|Re: Community Building||<– Date –> <– Thread –>|
|From: Eric Hart (harteFree-Net.Mpls-StPaul.MN.US)|
|Date: Mon, 28 Nov 94 21:55 CST|
The book _Seven American Utopias_ by Dolores Hayden is a very good introduction to Intentional Communities in the United States. It is historical, covering from the 18th century to the present and looks at the good and bad aspects of those intentional communities. The thing I find very useful is at the end of the book (p. 351-54) she lists seven "Design Recommendations". This explains what aspects of community design (and the processes used to get that design) have aided or detracted from the long term health and/or existance of the community. The one I liked the best is "Needs for private territory are not best served by private houses." I take this to mean that having a private space in a shared structure is better for community than having a detached single family home. This runs counter to our societal "need" for a detached single family home and makes me even more of an advocate for the intelligent design of structures with several units in them. I realize some cohousing communities have to be designed this way due to space considerations, but whenever we have the space (in a rural or suburban space) people tend to automatically think of a detached single family house. Anyway, this is a good book and well worth reading if you want a sense of the history of intentional communities. Even though cohousing is not purely an intentional community as some may see it, there are enough similiarities to be useful in designing cohousing. Eric Hart harte [at] free-net.mpls-stpaul.mn.us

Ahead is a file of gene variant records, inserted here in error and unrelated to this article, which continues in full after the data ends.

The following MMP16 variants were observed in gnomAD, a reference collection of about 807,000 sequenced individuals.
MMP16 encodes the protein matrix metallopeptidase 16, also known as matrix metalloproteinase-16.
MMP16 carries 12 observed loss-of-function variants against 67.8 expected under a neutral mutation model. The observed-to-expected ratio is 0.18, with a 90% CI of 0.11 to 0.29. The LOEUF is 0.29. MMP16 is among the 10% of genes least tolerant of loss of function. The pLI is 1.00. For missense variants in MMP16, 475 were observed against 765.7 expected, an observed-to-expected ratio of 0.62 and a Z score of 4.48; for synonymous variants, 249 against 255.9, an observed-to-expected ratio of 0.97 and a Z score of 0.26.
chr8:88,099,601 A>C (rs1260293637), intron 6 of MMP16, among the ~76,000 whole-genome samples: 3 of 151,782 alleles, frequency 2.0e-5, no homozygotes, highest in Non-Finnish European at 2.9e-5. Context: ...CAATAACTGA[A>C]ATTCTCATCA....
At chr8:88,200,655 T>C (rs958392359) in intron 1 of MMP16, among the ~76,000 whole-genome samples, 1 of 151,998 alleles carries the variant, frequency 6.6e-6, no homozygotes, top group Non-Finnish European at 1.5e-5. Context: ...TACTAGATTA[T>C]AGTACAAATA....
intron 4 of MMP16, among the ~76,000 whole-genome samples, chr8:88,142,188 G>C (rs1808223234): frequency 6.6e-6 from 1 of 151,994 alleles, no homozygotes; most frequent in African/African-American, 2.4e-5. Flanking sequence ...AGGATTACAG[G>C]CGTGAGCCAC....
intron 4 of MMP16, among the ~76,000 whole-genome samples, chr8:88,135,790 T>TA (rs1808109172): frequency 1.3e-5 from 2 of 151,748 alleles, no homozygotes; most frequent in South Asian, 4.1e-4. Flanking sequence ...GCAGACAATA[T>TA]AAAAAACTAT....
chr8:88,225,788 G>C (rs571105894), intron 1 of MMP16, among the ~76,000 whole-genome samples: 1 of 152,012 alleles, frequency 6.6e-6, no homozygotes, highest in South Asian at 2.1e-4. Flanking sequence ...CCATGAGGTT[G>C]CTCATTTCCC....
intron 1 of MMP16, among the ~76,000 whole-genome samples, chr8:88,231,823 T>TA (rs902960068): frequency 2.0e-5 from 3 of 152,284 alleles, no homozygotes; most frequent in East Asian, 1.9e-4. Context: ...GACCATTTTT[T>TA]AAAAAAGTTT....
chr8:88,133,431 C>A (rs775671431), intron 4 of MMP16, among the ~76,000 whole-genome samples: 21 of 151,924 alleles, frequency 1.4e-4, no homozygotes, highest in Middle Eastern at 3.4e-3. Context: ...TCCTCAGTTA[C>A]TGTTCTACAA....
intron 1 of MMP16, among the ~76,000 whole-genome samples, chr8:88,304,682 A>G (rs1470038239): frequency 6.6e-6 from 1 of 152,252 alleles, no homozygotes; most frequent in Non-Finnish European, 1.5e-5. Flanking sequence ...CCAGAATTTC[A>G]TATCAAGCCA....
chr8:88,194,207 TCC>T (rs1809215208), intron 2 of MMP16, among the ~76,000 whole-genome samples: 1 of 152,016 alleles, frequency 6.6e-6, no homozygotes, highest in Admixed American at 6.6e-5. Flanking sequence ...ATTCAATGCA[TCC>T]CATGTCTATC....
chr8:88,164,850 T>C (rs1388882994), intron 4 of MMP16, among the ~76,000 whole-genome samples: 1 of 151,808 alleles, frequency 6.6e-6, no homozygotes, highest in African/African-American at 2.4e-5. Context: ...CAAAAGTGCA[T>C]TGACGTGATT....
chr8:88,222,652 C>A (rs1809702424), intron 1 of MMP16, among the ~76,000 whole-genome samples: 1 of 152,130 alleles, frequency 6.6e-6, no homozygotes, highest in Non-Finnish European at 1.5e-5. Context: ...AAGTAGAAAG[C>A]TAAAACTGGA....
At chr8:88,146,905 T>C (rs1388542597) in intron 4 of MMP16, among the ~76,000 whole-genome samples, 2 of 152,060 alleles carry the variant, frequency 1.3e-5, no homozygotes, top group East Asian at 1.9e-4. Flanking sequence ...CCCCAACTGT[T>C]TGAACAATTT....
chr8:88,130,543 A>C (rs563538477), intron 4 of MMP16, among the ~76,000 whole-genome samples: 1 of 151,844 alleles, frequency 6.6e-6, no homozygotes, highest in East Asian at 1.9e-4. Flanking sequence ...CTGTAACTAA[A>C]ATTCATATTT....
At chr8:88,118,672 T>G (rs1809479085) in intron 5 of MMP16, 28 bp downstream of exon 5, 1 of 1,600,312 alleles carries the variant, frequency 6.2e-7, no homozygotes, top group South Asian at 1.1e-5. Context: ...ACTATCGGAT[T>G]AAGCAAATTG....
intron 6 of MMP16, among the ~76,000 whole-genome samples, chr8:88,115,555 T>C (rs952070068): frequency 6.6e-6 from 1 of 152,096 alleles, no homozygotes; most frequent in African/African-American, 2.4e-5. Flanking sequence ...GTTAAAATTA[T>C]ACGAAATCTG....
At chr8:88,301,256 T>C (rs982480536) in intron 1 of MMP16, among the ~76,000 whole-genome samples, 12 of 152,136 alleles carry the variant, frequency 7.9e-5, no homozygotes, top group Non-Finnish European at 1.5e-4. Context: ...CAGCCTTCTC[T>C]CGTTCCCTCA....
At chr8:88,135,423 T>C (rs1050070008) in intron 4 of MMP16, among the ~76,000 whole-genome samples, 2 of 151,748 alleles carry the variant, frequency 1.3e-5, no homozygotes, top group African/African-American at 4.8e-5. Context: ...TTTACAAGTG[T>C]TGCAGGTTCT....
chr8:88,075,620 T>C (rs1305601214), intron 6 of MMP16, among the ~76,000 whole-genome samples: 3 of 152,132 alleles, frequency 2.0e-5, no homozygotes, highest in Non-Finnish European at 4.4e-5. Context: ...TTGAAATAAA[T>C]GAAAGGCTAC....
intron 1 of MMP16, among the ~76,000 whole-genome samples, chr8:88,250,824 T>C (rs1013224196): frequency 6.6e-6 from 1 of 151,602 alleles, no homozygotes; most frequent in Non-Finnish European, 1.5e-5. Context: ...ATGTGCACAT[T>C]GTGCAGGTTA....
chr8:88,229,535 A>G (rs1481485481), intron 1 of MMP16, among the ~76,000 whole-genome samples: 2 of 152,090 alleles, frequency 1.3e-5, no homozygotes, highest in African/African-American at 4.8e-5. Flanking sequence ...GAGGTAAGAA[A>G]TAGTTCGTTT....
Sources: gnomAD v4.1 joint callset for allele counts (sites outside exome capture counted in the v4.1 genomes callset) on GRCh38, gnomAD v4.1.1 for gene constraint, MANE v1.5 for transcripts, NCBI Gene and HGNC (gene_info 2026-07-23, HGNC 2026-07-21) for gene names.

Results generated by Tiger Technologies Web hosting using MHonArc.